Yasaman Hakami, an undergraduate sociology major studying law & society at UC Davis, shares her experiences as a community organiser and civil rights activist.

“Imagine the feeling of emptiness, numbness, grief. As if the world sucker-punched your gut so hard you’re left gasping. Looking for a reason to stay sane from the suffocating noise all around you.

That is how I felt the minute 2020 began.

As an Iranian American, there is no such thing as peace when chaos and trauma surround your community at every turn. We were not “almost at war” with Iran. We have been at war with Iran. Economic sanctions devastate ordinary lives, starve families, and prohibit trade of critical, life-saving humanitarian aid. Thanks to American Nativism, the Muslim Ban primarily affects Iranians (over 60% of all applicants) by preventing students, families, and workers without opportunity from being able to leave.

A new Wealth Test for green card holders prevents immigrants on food stamps and Medicaid to obtain permanent legal status; a blatant attack on poor people of color. Mass deportations and detainments of over 200 Iranians have been all because of our nation’s need to surveil, watch, and monitor Muslim American. Because let’s keep it real — no matter how much we assimilate, we will always be treated like the terrorist next door.

Being Muslim in the West is like living with the word “OTHER” tattooed on your forehead. Just so everyone knows you don’t really belong.

As a student in Davis, California, I have the privilege of claiming citizenship (granted on stolen land, so is anyone really a “citizen?”) giving me the ability to stand up and fight back without fear. I organised my first Anti-Muslim Ban protest at age 17. Fought for Middle Eastern civil rights with the National Iranian American Council and the Arab Resource and Organising Centre. I place not only my identity, but my emotional vulnerability on the line for my people time and time again, so that we can achieve the justice we deserve.

And, ironically enough, advocacy is how I heal my generational trauma. I am from a family who fled after the 1979 Islamic Revolution and Iran/Iraq War. Being there for my immigrant community means more to me than just doing my part as an ally. It means showing love for my people in the most honest and sincere way possible.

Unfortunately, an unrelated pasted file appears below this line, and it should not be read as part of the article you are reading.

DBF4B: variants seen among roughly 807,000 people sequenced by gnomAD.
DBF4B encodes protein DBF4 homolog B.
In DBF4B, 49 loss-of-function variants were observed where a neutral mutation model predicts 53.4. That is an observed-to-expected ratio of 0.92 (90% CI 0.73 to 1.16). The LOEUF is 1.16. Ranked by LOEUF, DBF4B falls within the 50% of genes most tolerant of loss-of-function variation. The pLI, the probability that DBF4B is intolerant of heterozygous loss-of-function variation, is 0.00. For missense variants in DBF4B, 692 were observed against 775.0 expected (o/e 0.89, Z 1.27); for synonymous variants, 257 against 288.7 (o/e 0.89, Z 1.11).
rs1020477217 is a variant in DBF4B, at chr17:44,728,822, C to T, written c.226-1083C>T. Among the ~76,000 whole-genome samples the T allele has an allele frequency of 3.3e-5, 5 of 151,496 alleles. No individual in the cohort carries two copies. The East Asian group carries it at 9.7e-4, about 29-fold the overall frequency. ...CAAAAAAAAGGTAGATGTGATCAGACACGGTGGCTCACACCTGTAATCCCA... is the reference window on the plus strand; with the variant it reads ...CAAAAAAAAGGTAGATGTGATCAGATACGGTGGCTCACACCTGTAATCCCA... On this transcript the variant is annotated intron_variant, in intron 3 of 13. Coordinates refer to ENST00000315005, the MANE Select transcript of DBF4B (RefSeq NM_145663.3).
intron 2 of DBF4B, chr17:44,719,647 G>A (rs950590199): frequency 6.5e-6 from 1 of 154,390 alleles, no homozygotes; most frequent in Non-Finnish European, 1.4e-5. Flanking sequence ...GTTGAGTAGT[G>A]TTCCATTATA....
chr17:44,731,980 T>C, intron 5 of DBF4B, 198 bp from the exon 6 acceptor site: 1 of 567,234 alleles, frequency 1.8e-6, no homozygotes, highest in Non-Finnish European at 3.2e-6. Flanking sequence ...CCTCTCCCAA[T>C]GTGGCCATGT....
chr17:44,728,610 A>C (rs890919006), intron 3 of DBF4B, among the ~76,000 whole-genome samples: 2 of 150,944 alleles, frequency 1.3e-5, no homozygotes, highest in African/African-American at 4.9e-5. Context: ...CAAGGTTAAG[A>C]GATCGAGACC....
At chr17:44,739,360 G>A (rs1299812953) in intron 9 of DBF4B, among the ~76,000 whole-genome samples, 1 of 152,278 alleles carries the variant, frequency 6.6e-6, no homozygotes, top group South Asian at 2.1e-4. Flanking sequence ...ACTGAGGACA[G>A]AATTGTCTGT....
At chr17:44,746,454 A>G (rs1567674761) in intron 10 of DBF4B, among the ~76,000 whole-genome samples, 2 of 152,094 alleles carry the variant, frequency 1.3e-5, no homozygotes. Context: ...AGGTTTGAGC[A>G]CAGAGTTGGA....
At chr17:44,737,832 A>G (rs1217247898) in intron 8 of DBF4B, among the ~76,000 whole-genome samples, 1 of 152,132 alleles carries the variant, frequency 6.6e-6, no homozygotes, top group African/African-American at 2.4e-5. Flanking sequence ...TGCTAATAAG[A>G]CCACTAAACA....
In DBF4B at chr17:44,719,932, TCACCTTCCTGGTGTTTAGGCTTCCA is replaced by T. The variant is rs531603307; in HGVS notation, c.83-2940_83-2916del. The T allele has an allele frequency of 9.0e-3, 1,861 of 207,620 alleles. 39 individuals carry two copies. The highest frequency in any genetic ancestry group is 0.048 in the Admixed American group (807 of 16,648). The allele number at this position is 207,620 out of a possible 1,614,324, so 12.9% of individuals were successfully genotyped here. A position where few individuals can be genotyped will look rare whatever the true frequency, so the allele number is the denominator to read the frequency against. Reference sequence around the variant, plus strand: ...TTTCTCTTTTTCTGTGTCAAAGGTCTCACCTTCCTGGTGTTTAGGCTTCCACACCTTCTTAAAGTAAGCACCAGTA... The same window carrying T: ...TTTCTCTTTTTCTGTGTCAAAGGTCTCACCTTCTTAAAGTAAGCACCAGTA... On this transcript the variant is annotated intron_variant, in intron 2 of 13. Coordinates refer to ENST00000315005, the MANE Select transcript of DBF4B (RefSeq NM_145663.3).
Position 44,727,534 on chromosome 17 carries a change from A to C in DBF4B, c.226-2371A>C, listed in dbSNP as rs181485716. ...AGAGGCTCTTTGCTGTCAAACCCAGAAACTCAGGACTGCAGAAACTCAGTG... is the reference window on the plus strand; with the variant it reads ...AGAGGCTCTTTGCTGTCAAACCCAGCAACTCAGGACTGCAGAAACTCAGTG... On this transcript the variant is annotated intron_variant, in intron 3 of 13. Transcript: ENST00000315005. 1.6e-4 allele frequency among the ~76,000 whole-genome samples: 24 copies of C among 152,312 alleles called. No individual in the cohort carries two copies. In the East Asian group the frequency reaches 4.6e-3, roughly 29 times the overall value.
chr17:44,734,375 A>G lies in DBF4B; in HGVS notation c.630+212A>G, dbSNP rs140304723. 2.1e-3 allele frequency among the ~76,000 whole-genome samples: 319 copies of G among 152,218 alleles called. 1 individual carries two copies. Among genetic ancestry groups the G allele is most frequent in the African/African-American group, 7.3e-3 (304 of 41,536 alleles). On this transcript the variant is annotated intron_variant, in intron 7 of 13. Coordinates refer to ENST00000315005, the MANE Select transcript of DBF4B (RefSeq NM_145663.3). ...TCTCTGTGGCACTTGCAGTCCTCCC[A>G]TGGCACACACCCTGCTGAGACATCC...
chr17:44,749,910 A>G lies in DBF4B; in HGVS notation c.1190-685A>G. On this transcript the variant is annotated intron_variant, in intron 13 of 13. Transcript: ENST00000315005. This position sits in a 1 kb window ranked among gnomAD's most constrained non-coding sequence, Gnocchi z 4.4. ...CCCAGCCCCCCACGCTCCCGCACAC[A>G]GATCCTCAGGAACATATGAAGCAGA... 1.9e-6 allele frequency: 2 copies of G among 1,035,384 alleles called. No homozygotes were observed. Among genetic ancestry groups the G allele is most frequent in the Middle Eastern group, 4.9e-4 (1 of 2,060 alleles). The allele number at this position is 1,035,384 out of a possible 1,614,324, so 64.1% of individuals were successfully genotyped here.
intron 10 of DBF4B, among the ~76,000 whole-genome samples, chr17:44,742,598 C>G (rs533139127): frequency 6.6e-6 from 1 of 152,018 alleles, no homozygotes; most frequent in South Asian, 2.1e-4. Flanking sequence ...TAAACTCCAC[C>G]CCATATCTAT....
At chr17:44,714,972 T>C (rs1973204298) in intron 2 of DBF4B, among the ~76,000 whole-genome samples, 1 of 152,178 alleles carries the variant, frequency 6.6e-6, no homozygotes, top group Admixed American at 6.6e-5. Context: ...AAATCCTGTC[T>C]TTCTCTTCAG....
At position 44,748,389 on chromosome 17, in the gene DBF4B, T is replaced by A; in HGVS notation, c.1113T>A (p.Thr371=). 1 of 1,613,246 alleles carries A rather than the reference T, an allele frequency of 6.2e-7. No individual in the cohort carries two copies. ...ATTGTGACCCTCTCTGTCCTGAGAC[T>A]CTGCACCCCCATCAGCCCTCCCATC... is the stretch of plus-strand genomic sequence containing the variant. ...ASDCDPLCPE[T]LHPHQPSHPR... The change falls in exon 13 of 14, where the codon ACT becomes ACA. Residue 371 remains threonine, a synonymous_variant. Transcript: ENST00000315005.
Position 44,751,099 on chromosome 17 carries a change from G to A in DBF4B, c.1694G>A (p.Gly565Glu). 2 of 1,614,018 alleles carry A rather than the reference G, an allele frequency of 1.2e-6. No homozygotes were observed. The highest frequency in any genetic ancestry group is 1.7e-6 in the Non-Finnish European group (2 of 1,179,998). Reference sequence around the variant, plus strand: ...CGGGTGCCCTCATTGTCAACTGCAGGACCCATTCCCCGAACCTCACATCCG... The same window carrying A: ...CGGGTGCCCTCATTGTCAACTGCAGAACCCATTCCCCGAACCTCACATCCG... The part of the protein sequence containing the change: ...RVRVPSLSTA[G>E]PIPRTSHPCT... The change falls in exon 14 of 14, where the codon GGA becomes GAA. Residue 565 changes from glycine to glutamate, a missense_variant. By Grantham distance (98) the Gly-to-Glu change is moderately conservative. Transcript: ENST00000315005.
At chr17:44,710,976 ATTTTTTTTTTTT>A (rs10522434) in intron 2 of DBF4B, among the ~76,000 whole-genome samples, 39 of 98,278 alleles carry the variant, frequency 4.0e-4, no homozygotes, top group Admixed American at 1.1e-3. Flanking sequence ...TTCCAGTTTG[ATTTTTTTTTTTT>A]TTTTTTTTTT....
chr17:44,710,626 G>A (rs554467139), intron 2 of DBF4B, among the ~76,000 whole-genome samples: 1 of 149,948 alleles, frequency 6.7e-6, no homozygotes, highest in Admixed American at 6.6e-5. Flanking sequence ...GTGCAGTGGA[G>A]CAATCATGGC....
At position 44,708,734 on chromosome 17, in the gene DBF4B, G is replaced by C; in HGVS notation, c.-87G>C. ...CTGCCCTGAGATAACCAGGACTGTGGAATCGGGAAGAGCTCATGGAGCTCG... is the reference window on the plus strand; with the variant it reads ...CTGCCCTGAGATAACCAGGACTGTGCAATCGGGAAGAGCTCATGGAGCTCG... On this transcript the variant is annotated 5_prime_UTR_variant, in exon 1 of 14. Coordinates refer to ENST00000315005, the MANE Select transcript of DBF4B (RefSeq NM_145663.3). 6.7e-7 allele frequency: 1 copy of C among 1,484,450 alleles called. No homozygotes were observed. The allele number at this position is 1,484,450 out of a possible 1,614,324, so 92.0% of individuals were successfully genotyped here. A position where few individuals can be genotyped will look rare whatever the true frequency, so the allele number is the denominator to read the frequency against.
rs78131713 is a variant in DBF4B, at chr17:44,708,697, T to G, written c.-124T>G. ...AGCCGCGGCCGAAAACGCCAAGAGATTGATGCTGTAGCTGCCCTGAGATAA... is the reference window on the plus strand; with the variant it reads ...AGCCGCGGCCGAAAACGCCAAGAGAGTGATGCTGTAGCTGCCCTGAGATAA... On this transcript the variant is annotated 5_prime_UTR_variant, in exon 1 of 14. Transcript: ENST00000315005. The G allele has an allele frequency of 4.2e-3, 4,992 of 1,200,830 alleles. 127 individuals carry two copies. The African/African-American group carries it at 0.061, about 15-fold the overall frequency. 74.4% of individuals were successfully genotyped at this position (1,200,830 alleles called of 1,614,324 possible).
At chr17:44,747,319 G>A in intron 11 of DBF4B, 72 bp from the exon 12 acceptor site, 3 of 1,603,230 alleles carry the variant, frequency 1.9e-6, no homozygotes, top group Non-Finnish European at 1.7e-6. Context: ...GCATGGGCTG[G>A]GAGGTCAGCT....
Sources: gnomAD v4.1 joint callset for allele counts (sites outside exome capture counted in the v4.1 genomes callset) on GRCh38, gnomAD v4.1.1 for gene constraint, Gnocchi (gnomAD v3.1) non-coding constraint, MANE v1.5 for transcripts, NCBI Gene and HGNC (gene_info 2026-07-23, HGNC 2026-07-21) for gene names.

I have spent my 2020 speaking at numerous rallies and protests in San Jose, San Francisco, and Sacramento. I did interviews on KQED, the Associated Press, and USA Today. I am exhausted, but not defeated. But still, at every event, at every interview, at every turn, I feel like I’m just screaming at an endless void of blank stares and confused faces. Is this what Naomi Klein meant by the Shock Doctrine? Are we all just paralyzed by the absurd cruelty of this American nation? Or is it that we are simply exhausted?

Regardless, I refuse to be silenced, to sit down and pretend I am “okay.” I very much am not. I am infuriated.

But anger alone is not a solution. Action is. And as a kid from Silicon Valley, innovative action is exactly how I plan to amplify this revolution.

Recently, I formed a team of immigrant POC youth leaders to spearhead an app dedicated to combatting the violence of the carceral state. The app provides free, accessible legal assistance at the touch of a button. It also links at-risk non-citizens and visa holders to nearby pro-bono immigration attorneys, and provides a summarised recitation of constitutional rights. This is for individuals who face harassment, questioning, and interrogation from the U.S. Immigration and Customs Enforcement, U.S. Customs and Border Protection, and the local police. I believe that this resource is a step in shielding our immigrant community from the pronounced danger of deportation and detainment.

But remedial solutions are not long-term systemic change. That is why our team is partnering with numerous NPOs across the country to enable users to set up protests and compose opinion pieces on current, immigrant affairs via the app’s mainframe. The continuance of mobilization, organizing, and grassroots advocacy is where we win. And I am more than determined to contribute that energy and effort in the most effective way possible. 

Our knowledge is our weapon. When our most vulnerable communities face militarised forces, there must be resources readily available to protect them. Disarming our neighbourhoods, and demilitarising and imperialising the Middle East are fights that go hand in hand. Instead of spending billions of tax-payer dollars to kill people who look like me, maybe we should invest in uplifting and protecting our most vulnerable at home, along with respecting native and indigenous people abroad.